Supreme Court | Photo: AP
New Delhi: A Muslim body on Tuesday moved the Supreme Court seeking a direction to the Centre and the Central Board of Film Certification (CBFC) to not allow the screening and release of the movie "The Kerala Story" at theatres and on OTT platforms.
The Jamiat Ulama-I-Hind said the film, which is slated to be released on May 5, is likely to cause "hatred" and "enmity between different sections of society" in the country.
Earlier in the day, a bench of justices KM Joseph and BV Nagarathna refused to entertain a plea filed in the hate speeches case that sought a stay on the release of the movie, saying the petitioner can approach the high court or appropriate forum as the film has been certified.
The Jamiat in its writ petition filed through advocate Ejaz Maqbool said, "The movie demeans the entire Muslim community and it will result in endangering the life and livelihood of the petitioners and the entire Muslim community in our country and this is a direct infringement under Articles 14 and 21 of the Constitution of India."
It said the movie demeans the entire Muslim community, particularly the Muslim youth, and it will result in endangering the life and livelihood of the entire community in the country. This also is a direct infringement under Article 19(1)(g) of the Constitution of India, the Jamiat said in its petition.
The plea said the crux of the movie's trailer is that Hindu and Christian girls in Kerala are being converted to Islam by extremist clerics and trafficked to Afghanistan to ISIS while outwardly friendly Muslim youths classmate abet the same by luring them.
The Muslim body beside seeking stay of the release of the movie also sought direction that the trailer be removed from the internet; and/or alternatively direct the CBFC to further identify incendiary scenes and dialogues so that the same may be removed from 'The Kerala Story' film.
It also sought a direction that the movie be released with a disclaimer stating that it is a work of fiction and the characters in the movie bear no resemblance to any person living or dead.
The petition said, "It is relevant to note that YouTube advises viewer discretion before the trailer starts, acknowledging the violent nature of the movie. The movie is clearly aimed at spreading hatred and enmity between different sections of society in India."
"The message the movie imparts is that non-Muslim young women are being lured into converting to Islam by their classmates and subsequently, trafficked to West Asia where they are forced to join terrorist organisations," it said.
The Muslim body further said the movie gives the impression that apart from extremist clerics who radicalise people, ordinary Muslim youngsters, their classmates, also play an instrumental role in luring non-Muslims and radicalising them by posing as friendly and good-natured, in accordance with instructions given by extremist scholars.
"Moreover, it is falsely stated that 32,000 girls have left Kerala for West Asia to join ISIS even though the United Nations, the Union Home Ministry, police sources and experts agree that the number of Indians who left to join ISIS is around 66 and the maximum number of pro-ISIS persons who may have shown inclination towards ISIS is in between 100 and 200," it said.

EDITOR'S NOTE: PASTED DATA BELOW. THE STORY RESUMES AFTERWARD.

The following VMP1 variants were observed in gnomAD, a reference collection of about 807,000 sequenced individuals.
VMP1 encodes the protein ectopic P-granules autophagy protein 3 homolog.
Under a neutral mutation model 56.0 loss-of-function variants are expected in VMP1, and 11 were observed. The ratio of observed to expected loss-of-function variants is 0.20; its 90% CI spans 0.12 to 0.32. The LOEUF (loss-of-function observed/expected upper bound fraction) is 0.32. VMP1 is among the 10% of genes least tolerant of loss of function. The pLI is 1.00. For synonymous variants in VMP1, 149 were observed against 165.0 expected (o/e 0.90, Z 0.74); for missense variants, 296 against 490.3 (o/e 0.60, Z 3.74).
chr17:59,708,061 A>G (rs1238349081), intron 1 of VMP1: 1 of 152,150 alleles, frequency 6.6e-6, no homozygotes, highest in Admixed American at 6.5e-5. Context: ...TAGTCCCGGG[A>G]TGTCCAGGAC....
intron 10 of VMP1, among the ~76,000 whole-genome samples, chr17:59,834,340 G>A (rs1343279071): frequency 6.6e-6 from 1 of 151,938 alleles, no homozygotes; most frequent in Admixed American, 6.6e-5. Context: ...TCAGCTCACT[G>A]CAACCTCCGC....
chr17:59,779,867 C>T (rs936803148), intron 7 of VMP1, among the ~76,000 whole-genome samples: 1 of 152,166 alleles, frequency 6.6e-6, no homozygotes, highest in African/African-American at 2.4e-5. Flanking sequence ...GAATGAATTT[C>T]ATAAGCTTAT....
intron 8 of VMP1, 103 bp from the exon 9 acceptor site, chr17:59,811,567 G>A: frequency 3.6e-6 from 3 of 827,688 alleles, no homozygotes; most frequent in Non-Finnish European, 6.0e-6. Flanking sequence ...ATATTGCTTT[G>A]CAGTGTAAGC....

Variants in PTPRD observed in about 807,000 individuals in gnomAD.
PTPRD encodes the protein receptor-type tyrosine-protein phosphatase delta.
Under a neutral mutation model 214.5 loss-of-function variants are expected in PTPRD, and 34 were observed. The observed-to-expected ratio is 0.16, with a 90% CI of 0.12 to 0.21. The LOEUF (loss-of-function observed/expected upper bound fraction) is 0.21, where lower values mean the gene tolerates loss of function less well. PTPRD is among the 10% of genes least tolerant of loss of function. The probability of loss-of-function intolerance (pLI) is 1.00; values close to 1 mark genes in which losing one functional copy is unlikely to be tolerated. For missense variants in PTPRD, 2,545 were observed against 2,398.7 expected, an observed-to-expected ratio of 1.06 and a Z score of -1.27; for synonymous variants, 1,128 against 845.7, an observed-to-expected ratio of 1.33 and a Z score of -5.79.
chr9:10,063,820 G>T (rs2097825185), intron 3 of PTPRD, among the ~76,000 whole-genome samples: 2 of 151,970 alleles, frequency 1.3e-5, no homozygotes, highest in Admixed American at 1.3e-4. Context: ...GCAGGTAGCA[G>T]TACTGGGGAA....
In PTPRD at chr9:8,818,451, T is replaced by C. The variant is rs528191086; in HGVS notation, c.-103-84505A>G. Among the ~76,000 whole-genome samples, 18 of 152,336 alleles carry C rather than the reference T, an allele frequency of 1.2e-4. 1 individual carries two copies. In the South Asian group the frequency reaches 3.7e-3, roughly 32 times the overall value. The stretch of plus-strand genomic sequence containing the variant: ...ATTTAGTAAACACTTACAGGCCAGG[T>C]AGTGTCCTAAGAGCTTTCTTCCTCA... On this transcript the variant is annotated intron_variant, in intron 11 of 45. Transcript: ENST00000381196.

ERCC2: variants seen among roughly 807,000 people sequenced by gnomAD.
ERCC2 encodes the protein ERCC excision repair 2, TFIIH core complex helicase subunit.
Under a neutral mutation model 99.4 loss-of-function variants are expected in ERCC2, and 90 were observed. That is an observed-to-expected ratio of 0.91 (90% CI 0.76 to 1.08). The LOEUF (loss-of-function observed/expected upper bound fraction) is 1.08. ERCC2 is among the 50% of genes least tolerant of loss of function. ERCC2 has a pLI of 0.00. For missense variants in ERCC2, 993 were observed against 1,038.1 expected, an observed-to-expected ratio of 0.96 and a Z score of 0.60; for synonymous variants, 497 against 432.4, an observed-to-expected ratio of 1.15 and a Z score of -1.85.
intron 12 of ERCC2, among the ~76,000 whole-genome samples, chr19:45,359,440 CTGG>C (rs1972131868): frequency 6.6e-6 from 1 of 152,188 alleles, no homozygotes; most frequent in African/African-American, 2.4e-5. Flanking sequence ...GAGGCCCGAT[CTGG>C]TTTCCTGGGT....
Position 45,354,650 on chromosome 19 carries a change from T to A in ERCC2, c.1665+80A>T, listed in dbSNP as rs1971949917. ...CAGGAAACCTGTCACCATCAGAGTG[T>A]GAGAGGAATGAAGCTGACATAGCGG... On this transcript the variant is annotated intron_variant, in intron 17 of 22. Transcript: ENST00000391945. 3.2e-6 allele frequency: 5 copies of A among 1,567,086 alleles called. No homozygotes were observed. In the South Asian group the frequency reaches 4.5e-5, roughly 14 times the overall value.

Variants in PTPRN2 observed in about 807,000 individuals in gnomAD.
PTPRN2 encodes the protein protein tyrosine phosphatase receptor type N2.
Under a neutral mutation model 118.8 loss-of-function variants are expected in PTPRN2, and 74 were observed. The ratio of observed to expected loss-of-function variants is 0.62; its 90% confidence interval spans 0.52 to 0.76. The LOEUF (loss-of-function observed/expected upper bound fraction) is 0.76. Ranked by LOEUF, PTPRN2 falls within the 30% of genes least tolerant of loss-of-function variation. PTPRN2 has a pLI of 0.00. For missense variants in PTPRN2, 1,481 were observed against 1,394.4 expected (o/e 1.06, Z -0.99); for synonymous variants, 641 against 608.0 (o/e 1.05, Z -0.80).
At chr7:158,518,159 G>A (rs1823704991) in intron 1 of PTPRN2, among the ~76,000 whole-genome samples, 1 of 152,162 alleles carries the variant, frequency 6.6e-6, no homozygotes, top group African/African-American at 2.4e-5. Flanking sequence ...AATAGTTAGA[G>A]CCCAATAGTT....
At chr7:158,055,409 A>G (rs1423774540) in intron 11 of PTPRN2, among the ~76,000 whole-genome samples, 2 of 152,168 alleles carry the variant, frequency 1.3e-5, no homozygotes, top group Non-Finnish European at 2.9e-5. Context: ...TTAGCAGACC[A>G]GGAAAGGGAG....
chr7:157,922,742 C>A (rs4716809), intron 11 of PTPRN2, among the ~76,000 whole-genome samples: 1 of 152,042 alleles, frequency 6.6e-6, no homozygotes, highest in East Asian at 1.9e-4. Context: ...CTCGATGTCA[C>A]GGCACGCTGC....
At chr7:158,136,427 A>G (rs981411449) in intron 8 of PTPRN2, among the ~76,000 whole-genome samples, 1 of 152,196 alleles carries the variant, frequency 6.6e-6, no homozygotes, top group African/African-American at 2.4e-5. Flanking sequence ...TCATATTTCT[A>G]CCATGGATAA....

Referring to a BBC report from November 10 last year, the petition said the number of women who had converted and joined ISIS in Kerala was 10-15, as per local police sources.
The plea said in 2012, the chief minister of Kerala stated in the legislative assembly that 7,713 persons were converted to Islam during 2006-2012 as against 2,803 conversions to Hinduism.
"Among those converted to Islam during 2009-12, as many as 2,667 were young women of which 2,195 were Hindus and 492 were Christians. He categorically stated that there were no forced conversions," it said.
"The movie promotes the view that love jihad is being used to lure non-Muslim women into converting to Islam and also joining ISIS", it said.
The plea claimed an investigation by the Kerala Police in 2009 revealed that there was no evidence of love jihad in the state, and the police has constantly been of the view that no such conspiracy exists to convert non-Muslims.
"The National Investigating Agency in 2018, concluded that there was no evidence to suggest that women in Kerala were being forced to convert to Islam. The NIA examined 11 out of the 89 cases that were in the database of law enforcement authorities. It was found that there existed no evidence of love jihad", it said.
The plea added that an FIR has already been registered in respect of the film in accordance with the order given by the Kerala Director General of Police, and the false assertion that around 32,000 girls have gone missing and joined the ISIS is "malicious propaganda".
It said the movie and the trailer are in teeth of the constitutional values of equality and fraternity, and the petitioner submits that even otherwise the teaser, the trailer and the movie grossly violate the statutory guidelines as framed under the Cinematograph Act 1952.
"Therefore, even on the said basis the teaser, the trailer and the movie cannot be permitted to be released and circulated. Hence, the present writ petition under Article 32 of the Constitution of India is being filed before this court because the movie 'The Kerala Story' is being released in four languages in the entire country and only this court has jurisdiction before the entire country," the plea said.